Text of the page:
Technologies of this type are already being combined in products. For example, the easypod from EMD Serono (www.emdserono.com) is a fully electronic injection system for growth hormone delivery. It not only supports treatment through preset dosing, dose memory and compliance aids, it also provides graphics to allow users to personalise the device. Industry standards for network connection are also emerging to enable interoperability of devices from a variety of suppliers, which removes barriers to entry and reduces costs. Perhaps best known is Continua Health Alliance (www.continuaalliance.org), a nonprofit industry coalition that is developing methods for healthcare device connectivity. This wealth of information will provide more informed decisions to be taken by healthcare providers and patients regarding treatment options. Transparency around these options and the likely outcomes will also drive greater competition, particularly in the medical device sector, where detailed information on short- and long-term product performance as linked to individual circumstances could greatly influence purchasing decisions.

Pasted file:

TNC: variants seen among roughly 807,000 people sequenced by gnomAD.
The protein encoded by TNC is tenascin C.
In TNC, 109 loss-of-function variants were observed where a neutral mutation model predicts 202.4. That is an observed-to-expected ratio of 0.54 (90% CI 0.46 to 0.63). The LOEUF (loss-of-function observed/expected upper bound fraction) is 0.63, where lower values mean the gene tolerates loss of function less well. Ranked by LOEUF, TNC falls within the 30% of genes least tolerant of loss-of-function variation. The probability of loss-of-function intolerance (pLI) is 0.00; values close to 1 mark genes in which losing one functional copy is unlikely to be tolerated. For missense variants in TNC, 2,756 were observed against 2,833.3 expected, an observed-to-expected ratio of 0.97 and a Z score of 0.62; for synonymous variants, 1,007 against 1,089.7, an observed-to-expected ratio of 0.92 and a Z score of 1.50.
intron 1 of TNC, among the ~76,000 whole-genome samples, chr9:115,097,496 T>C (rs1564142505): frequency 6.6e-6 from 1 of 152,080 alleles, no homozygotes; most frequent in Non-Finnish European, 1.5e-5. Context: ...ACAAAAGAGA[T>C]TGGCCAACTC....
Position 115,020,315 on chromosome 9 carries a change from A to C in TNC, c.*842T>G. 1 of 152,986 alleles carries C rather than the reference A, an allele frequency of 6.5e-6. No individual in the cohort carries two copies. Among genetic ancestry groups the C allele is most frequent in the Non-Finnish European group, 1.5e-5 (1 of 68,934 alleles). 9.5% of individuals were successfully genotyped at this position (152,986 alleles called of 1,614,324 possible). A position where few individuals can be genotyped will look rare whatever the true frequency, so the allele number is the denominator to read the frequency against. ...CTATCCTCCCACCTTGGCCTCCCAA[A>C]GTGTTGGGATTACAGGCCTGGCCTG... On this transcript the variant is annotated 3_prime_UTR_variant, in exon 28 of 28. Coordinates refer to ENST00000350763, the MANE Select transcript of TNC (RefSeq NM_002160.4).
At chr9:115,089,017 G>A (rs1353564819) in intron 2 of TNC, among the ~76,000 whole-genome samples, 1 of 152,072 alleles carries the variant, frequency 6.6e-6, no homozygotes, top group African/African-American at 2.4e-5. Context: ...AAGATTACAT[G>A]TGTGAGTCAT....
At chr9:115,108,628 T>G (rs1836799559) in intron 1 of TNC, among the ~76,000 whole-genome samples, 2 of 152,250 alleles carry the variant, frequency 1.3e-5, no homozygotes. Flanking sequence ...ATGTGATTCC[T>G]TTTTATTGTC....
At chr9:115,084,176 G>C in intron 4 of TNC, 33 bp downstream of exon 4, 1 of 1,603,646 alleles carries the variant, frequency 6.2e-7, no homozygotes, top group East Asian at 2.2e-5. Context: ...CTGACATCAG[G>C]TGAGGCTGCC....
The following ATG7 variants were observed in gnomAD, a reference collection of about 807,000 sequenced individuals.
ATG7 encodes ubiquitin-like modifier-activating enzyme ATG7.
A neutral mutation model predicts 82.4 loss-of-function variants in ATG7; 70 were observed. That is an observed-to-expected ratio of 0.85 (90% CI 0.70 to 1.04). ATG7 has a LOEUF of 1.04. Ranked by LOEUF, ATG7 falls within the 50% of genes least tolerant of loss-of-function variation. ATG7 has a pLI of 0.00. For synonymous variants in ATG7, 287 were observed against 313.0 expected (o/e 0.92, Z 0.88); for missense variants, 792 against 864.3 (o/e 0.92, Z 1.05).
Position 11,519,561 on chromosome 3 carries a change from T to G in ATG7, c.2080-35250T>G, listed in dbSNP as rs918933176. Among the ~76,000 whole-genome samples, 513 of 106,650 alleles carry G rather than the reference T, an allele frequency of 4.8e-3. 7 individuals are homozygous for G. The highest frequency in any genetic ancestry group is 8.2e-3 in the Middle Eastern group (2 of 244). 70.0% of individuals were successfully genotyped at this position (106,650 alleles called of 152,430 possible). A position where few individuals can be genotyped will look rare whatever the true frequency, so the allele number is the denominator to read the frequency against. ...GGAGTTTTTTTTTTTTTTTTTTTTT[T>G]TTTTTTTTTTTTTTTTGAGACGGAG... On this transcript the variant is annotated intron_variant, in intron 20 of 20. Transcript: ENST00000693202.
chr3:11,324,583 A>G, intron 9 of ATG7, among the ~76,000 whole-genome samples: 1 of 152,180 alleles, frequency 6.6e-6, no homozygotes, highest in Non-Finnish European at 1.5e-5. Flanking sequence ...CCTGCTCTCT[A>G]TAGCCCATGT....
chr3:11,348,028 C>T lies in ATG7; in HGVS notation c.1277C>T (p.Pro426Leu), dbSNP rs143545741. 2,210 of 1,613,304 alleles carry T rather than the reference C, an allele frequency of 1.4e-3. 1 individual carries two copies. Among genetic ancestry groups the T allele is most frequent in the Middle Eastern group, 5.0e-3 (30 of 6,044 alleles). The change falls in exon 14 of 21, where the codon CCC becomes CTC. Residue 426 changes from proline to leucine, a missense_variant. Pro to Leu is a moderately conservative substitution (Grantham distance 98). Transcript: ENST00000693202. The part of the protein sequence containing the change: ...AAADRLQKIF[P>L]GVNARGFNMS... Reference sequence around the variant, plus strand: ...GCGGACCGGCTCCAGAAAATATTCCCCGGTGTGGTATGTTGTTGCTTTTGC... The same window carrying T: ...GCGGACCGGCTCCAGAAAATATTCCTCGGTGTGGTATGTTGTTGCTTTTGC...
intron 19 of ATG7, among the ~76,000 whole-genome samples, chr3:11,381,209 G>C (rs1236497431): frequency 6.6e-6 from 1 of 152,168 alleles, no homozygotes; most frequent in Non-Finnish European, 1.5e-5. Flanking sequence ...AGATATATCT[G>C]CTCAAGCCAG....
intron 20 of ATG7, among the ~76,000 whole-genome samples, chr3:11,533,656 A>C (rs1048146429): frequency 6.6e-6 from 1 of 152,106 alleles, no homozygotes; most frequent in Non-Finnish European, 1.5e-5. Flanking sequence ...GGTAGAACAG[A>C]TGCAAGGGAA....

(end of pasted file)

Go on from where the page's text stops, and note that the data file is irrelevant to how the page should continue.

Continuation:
New entrants take hold
This reliance on information to drive emerging regulatory and commercial models has opened the way for a number of non-traditional healthcare companies to enter this market. Many of these are not small-time start-ups, but global giants such as Google, Intel, Microsoft and Cisco, which have dominated their own industry sectors and are now viewing healthcare as the next growth opportunity. In fact, most of these companies have already entered the healthcare market with initial products and services targeted at assisted living programmes to move more care to the home and provide personal healthcare management. These companies are in a far better position to manage the growing information exchange than traditional healthcare suppliers.